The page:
Hold Me Like A Breath: Review by Lucia Chen

HoldMeLikeBreathCoverPenelope Landlow has a rare blood disorder that causes her to bleed and bruise easily. Because of this, she is treated as a delicate, fragile princess, while her family sells and trades organs on the black market. Because of this, she is forbidden to leave her residence, doomed to spend her days in boredom. Because of this, her mother has forbidden her from spontaneous human contact, something she is tired of living without. Penelope craves human contact, a walk outside and knowledge about the illegal family business, yet the instance she is allowed to try, her world begins to crumble.

When her family is murdered, and she is presumed dead, Penelope begins to uncover hidden family secrets. Confused and lost in a city she has never entered, she meets Char, who supposedly is also running away from his family. Weaving around the city, Char shows her sights she will never forget as Penelope relearns the meaning of trust and love. But Penelope cannot find peace yet, especially after reuniting with an old family friend, who tells her of dangerous family secrets. Caught between trusting strangers and betraying her family, Penelope must unravel the mysteries presented before her own body destroys itself.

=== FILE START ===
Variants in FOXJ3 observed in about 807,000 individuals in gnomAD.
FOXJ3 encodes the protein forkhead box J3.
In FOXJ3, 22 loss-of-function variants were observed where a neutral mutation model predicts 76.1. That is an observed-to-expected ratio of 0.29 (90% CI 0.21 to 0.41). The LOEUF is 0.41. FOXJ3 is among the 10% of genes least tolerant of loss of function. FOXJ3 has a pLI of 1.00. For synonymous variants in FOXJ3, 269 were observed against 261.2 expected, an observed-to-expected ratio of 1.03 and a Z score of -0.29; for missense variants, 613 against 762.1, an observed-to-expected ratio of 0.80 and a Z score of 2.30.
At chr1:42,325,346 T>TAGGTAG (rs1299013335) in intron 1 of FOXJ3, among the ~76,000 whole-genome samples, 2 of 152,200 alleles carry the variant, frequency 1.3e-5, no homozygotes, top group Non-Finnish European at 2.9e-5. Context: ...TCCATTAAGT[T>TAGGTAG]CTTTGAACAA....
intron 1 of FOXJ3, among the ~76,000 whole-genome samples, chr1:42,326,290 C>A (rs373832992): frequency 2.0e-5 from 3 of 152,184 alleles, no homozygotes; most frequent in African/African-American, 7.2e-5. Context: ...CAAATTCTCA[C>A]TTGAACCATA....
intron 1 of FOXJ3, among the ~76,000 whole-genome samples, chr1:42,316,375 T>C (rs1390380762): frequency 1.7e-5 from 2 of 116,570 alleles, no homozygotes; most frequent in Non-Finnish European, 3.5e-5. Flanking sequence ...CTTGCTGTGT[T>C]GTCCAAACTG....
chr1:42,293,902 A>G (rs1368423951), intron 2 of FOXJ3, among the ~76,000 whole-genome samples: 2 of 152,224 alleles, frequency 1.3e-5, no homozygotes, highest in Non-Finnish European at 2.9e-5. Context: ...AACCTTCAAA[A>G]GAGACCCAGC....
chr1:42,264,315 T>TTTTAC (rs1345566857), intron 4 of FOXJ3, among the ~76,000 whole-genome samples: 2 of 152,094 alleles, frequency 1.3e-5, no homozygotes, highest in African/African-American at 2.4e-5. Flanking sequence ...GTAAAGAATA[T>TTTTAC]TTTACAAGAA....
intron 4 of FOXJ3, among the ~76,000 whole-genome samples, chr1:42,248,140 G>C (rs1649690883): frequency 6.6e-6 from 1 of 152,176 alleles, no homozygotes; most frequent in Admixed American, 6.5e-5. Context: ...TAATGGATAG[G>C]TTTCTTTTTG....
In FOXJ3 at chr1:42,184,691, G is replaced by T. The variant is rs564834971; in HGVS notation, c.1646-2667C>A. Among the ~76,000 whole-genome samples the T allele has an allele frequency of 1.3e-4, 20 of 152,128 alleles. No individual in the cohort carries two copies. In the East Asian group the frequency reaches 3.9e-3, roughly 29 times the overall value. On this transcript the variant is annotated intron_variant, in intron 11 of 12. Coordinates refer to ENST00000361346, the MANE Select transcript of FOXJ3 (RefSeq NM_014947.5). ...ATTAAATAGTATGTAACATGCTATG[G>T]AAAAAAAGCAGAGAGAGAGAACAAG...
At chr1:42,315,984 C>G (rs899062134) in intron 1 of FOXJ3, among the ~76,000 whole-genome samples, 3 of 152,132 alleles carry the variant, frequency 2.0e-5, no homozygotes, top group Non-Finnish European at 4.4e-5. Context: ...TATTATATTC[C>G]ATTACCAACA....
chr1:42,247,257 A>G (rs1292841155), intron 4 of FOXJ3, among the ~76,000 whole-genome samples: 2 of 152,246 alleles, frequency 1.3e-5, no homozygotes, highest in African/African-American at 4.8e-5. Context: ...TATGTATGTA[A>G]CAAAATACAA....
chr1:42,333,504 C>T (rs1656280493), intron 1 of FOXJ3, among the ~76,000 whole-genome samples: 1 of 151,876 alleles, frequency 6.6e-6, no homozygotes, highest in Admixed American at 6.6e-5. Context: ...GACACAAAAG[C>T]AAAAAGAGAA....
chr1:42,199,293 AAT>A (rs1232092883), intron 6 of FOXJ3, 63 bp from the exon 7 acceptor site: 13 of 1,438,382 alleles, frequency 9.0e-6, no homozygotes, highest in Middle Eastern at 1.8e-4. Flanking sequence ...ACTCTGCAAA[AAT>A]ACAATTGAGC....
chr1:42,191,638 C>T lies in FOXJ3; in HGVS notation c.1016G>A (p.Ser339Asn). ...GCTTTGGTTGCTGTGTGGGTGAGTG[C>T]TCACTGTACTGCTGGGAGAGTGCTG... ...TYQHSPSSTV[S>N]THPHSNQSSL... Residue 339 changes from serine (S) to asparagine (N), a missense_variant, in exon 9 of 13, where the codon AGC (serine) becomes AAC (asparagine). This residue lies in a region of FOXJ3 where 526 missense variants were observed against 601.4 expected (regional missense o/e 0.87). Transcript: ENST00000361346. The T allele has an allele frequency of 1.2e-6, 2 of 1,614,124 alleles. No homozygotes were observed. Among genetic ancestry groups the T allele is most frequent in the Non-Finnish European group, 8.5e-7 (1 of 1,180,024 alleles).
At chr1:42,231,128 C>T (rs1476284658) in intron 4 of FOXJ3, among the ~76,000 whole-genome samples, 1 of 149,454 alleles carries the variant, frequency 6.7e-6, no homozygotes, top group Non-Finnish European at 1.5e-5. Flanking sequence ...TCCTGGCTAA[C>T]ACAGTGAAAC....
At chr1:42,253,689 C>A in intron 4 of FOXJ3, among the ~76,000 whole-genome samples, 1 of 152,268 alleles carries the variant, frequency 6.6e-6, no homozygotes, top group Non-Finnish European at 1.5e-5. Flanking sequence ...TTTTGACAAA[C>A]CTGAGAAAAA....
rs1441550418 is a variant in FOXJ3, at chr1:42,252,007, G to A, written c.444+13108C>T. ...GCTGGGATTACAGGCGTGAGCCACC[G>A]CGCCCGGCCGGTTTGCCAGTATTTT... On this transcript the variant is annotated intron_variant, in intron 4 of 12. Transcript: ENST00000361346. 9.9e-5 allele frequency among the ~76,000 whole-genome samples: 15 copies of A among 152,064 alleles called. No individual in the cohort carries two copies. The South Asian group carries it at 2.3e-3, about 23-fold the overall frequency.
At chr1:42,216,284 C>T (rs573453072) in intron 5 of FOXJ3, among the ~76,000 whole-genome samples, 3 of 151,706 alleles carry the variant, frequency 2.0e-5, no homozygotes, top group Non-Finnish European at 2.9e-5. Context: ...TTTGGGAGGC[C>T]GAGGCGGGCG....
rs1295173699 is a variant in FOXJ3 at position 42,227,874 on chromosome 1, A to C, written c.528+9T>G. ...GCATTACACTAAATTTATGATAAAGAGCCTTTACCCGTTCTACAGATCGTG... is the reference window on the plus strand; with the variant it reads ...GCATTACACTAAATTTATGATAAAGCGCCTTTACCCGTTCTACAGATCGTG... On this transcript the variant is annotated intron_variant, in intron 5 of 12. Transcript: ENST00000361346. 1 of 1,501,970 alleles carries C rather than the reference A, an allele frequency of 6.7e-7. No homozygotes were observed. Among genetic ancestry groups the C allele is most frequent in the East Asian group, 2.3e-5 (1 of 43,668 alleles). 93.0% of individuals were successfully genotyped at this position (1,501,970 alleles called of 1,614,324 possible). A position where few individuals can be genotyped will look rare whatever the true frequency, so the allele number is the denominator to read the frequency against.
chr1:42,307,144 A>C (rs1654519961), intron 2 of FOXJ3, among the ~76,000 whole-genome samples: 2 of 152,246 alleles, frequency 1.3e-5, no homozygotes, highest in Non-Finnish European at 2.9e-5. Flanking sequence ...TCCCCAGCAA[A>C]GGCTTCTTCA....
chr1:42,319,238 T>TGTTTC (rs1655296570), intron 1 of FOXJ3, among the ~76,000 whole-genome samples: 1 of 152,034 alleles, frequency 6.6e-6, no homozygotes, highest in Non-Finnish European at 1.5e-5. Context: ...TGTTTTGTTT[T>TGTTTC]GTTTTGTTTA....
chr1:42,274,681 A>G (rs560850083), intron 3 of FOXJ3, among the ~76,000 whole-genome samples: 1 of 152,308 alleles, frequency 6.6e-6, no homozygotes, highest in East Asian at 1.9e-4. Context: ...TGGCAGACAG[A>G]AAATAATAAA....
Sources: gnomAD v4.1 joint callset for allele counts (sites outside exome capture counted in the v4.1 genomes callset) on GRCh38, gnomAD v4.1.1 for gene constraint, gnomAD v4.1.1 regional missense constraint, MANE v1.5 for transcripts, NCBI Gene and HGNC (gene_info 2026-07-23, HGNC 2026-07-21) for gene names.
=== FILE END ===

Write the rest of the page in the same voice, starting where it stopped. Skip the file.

Although every description of the book (as well as the cover) seems to give off a dark, mysterious feel, the text itself is more simple and open. While Penelope is often described as week, fragile, and useless, the author portrays her as a curious girl grieving for her family, trying to stay alive while looking for their killers. Some characters have a 180⁰ personality spin halfway through the novel, and a moral of the story could definitely be “Everyone has 2 sides to themselves.” The writing style is mostly straightforward, but can be very descriptive.

I enjoyed the book, as it fits into many genres. It can be hard-core while describing action, but realistic and sweet when inducing romance. It is simple and easy to understand. Some parts drag on and on, but there is a pot of gold at the end of every insanely long rainbow. Even if you find the beginning boring, it’s best to endure it instead of skipping to the better parts in the middle, as the beginning explains important characters and background information about the story.

I would recommend this book to ages 13+, as it does contain some violent themes, but would totally rate it 8/10! The overall story stuck to the plot, and everything makes sense. It really is a great book that I would totally recommend, time to time again.


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